ECT should be considered for patients with severe major depressive disorder that is not responsive to psychotherapeutic and/or pharmacological interventions, particularly those with significant functional impairment who have not responded to numerous medication trials

Last edited by Novobiocin; 06-29-2012 at 06:46 PM.
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Old 06-29-2012
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Quote:
Originally Posted by Novobiocin View Post
Switching to same class of AD does not work.

-UTD 19.3

and MTB3 2nd Ed too p.473


Maybe if the pt has suicidal tendencies or psychotic features, I will choose ECT

Last edited by neoeinstein; 06-29-2012 at 07:08 PM.
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Old 06-30-2012
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Quote:
Originally Posted by neoeinstein View Post

-UTD 19.3

and MTB3 2nd Ed too p.473


Maybe if the pt has suicidal tendencies or psychotic features, I will choose ECT
Ans is b. Nice expln.

There is another question in which patient was not showing response to ssri and and was to add Li/thyroxine. Can't remember it clearly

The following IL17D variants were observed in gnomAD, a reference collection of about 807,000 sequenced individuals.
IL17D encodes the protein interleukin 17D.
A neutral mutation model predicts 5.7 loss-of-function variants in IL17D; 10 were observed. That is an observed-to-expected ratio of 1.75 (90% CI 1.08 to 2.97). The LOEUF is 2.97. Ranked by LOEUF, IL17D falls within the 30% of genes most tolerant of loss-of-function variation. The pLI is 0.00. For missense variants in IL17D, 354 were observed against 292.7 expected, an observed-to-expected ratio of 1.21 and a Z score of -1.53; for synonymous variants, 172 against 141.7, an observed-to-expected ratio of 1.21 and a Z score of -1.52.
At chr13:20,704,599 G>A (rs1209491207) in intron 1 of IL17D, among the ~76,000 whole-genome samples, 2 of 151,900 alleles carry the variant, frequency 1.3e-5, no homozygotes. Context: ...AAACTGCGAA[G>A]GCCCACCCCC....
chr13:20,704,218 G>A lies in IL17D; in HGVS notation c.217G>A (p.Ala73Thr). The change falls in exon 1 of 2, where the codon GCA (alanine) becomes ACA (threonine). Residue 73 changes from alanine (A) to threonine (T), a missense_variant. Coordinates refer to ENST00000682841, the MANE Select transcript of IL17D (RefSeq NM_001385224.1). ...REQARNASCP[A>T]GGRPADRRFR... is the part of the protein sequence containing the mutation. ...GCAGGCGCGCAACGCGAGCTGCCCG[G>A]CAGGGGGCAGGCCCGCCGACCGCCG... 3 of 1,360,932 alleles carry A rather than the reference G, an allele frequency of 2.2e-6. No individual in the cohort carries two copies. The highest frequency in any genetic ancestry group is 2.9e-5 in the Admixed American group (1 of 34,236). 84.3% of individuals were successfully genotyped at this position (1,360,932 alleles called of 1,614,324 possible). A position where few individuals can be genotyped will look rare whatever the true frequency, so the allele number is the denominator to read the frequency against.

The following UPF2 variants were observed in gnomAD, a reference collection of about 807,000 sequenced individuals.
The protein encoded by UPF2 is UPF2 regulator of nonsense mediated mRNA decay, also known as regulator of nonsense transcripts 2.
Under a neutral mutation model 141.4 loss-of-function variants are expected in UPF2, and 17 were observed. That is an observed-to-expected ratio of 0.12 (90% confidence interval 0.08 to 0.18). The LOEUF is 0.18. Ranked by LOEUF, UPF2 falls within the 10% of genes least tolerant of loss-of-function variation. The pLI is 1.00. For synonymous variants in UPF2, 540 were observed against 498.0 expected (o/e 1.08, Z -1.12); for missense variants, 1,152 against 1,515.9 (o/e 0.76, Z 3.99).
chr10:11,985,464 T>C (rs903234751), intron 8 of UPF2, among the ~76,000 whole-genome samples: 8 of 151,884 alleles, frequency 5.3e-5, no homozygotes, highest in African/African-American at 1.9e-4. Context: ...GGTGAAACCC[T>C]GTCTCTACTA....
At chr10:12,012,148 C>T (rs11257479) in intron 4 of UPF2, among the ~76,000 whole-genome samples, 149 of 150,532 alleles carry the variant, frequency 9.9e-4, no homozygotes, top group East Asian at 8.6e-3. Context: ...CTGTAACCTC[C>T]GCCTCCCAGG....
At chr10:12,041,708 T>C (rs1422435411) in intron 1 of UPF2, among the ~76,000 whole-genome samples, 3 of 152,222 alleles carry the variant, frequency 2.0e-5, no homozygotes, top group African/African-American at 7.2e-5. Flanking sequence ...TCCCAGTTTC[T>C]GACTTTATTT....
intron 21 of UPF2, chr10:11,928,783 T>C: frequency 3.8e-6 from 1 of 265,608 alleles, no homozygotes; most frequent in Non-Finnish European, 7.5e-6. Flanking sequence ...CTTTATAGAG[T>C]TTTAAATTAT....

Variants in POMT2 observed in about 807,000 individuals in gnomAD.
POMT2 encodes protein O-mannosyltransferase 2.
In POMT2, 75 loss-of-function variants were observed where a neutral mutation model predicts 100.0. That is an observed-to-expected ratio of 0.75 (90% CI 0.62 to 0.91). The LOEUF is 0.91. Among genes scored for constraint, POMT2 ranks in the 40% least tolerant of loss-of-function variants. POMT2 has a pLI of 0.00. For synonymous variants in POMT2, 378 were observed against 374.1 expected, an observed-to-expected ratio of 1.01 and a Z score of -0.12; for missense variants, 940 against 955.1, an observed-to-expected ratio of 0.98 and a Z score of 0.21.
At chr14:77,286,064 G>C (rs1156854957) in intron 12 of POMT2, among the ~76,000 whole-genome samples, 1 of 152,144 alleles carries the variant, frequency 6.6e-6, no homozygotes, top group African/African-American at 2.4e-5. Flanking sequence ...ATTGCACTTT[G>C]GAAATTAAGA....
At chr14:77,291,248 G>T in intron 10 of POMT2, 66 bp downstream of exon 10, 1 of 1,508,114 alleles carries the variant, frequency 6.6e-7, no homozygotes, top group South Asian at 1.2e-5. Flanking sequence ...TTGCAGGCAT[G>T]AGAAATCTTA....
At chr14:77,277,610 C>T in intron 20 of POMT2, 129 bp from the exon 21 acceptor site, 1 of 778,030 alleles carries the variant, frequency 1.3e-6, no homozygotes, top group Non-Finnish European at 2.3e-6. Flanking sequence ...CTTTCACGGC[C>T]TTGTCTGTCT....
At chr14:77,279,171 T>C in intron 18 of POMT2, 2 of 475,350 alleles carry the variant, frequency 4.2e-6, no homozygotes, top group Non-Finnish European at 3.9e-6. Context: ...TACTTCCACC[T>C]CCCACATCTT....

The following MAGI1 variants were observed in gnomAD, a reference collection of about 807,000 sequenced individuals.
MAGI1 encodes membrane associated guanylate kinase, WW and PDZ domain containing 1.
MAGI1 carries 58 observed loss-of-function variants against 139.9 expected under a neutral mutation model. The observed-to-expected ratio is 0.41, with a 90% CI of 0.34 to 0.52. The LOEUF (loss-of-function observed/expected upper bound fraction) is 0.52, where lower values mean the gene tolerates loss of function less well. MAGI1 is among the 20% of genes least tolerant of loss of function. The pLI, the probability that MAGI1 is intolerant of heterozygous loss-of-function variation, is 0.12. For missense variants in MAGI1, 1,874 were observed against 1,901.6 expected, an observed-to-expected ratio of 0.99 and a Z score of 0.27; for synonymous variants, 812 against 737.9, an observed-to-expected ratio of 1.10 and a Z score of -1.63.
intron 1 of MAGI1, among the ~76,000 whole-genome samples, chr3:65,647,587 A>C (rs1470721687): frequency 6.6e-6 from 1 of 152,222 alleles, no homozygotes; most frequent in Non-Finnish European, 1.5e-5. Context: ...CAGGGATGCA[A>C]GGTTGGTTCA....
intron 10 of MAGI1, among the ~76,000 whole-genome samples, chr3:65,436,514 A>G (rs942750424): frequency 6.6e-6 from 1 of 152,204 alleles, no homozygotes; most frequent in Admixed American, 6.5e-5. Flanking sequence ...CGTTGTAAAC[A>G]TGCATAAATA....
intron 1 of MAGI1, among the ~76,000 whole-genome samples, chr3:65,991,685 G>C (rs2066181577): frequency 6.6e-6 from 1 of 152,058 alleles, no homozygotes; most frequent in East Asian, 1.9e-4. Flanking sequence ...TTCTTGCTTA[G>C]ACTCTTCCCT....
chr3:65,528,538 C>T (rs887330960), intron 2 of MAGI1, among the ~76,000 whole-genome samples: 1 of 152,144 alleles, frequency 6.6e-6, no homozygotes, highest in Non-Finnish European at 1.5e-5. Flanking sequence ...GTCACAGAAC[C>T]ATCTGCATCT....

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Old 06-30-2012
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Successful treatment of depression often requires more than one medication.

Quote:
The Sequenced Treatment Alternatives to Relieve Depression (STAR*D) trial treated more than 4000 depressed patients at multiple sites. Initial treatment with the SSRI citalopram alone achieved a 30% remission rate. Random assignment of treatments to nonresponders at multiple steps eventually resulted in remission in approximately two thirds of patients. There was no difference whether inadequate responders were randomized to receive a different SSRI, a non-SSRI antidepressant, a combination of two antidepressants, augmentation with lithium or thyroxine, or cognitive therapy. These results suggest that depression is similar to chronic medical disorders in which multiple treatments may be equally effective, and monitoring outcomes and adjusting therapy are
essential to optimizing outcomes.
http://psychiatryonline.org/data/Boo...ssion3rdEd.pdf

Quote: